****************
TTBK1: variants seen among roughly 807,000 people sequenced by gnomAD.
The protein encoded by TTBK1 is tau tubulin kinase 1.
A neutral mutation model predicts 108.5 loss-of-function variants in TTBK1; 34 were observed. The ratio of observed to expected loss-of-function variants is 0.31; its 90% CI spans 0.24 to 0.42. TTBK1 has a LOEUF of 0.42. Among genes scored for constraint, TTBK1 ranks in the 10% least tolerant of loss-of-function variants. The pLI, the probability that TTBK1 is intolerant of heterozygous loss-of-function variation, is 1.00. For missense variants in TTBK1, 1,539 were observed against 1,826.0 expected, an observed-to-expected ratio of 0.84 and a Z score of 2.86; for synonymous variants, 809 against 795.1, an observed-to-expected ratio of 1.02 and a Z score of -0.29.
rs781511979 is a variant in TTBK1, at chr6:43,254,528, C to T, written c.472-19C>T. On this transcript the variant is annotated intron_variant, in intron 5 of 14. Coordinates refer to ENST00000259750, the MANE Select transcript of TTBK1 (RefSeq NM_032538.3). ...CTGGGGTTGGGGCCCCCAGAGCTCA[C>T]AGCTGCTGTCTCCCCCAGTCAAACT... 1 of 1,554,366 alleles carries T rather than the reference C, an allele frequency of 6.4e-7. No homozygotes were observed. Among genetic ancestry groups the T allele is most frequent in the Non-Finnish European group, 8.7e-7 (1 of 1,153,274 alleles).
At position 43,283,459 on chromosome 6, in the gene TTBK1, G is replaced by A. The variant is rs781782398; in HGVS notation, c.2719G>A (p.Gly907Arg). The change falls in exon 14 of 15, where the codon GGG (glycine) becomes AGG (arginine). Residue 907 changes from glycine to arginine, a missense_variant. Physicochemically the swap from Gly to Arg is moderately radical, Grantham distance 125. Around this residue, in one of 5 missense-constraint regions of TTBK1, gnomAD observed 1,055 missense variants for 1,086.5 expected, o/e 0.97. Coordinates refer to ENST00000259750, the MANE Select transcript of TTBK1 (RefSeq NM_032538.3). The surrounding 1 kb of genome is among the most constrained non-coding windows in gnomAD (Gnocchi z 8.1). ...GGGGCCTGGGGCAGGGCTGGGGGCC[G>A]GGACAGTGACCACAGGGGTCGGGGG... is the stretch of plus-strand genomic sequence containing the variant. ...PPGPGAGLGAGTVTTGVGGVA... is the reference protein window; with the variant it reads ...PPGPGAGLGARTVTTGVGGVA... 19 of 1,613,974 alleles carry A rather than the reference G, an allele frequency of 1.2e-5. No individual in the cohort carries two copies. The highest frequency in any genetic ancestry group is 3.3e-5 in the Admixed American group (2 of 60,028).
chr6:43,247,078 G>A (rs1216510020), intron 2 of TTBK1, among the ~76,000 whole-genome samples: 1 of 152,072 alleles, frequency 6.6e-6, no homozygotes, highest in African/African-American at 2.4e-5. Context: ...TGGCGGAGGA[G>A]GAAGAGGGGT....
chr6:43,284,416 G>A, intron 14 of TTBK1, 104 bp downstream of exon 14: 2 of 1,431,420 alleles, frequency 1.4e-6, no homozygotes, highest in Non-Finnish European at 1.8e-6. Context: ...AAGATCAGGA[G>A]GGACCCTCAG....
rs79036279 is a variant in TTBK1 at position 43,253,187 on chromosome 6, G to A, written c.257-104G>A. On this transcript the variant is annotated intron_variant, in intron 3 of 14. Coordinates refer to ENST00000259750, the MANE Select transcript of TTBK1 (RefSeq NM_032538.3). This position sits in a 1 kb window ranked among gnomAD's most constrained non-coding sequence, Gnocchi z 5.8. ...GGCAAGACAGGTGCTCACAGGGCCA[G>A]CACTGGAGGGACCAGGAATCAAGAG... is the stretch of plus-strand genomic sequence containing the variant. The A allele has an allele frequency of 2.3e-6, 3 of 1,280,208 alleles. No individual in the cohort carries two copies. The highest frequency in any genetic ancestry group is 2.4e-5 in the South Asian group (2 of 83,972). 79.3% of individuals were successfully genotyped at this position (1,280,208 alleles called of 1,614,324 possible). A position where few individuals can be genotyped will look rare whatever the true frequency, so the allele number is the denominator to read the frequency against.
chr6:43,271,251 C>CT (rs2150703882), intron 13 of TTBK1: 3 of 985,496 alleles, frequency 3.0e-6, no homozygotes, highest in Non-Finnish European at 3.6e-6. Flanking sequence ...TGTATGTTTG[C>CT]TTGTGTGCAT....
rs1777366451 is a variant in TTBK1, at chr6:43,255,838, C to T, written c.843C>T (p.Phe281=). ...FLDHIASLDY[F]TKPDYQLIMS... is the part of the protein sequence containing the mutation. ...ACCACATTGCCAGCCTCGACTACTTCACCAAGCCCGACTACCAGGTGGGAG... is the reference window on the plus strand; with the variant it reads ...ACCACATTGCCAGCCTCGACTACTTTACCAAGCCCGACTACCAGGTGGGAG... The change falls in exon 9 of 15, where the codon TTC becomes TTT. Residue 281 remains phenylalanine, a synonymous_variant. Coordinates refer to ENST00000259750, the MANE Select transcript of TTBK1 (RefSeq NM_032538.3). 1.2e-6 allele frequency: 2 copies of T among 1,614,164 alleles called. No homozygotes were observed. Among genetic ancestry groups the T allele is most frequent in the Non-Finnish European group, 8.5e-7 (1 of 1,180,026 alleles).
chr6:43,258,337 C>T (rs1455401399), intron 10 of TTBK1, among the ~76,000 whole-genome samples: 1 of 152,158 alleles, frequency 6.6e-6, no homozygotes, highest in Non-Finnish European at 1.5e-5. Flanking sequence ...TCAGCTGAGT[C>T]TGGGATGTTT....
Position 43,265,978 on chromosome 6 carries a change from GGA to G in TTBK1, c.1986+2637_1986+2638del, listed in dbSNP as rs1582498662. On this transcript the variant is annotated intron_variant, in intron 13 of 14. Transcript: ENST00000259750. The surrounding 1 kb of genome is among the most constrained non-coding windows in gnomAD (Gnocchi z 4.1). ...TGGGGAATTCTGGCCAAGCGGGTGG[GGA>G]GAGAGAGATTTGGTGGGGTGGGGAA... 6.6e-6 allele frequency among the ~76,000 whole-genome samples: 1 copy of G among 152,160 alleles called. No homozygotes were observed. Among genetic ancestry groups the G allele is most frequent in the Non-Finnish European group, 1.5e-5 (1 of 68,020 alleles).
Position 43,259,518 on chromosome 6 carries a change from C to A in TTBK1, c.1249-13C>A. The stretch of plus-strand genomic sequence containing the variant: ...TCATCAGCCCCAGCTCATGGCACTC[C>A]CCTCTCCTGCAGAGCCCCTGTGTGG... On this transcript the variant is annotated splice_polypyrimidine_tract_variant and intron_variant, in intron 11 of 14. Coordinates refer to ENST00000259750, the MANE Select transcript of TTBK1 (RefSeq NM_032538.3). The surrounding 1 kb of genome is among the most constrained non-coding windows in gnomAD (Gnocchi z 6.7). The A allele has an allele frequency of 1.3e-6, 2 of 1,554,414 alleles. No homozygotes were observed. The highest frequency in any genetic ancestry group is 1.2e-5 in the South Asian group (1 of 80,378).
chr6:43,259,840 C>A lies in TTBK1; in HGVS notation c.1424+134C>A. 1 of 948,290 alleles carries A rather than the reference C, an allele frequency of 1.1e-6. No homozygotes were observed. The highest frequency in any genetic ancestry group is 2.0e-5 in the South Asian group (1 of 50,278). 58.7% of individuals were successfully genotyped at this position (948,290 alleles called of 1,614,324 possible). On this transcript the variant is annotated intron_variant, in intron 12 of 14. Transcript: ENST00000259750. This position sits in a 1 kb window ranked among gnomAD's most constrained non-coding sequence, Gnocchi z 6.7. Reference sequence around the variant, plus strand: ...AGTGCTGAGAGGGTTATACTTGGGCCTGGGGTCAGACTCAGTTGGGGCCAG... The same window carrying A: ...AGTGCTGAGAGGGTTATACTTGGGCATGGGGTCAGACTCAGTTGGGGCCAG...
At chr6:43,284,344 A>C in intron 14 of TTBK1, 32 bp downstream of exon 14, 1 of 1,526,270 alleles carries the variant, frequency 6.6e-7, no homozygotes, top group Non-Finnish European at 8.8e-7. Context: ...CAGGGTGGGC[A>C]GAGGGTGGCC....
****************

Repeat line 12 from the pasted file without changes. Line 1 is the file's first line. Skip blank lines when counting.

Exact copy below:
Position 43,265,978 on chromosome 6 carries a change from GGA to G in TTBK1, c.1986+2637_1986+2638del, listed in dbSNP as rs1582498662. On this transcript the variant is annotated intron_variant, in intron 13 of 14. Transcript: ENST00000259750. The surrounding 1 kb of genome is among the most constrained non-coding windows in gnomAD (Gnocchi z 4.1). ...TGGGGAATTCTGGCCAAGCGGGTGG[GGA>G]GAGAGAGATTTGGTGGGGTGGGGAA... 6.6e-6 allele frequency among the ~76,000 whole-genome samples: 1 copy of G among 152,160 alleles called. No homozygotes were observed. Among genetic ancestry groups the G allele is most frequent in the Non-Finnish European group, 1.5e-5 (1 of 68,020 alleles).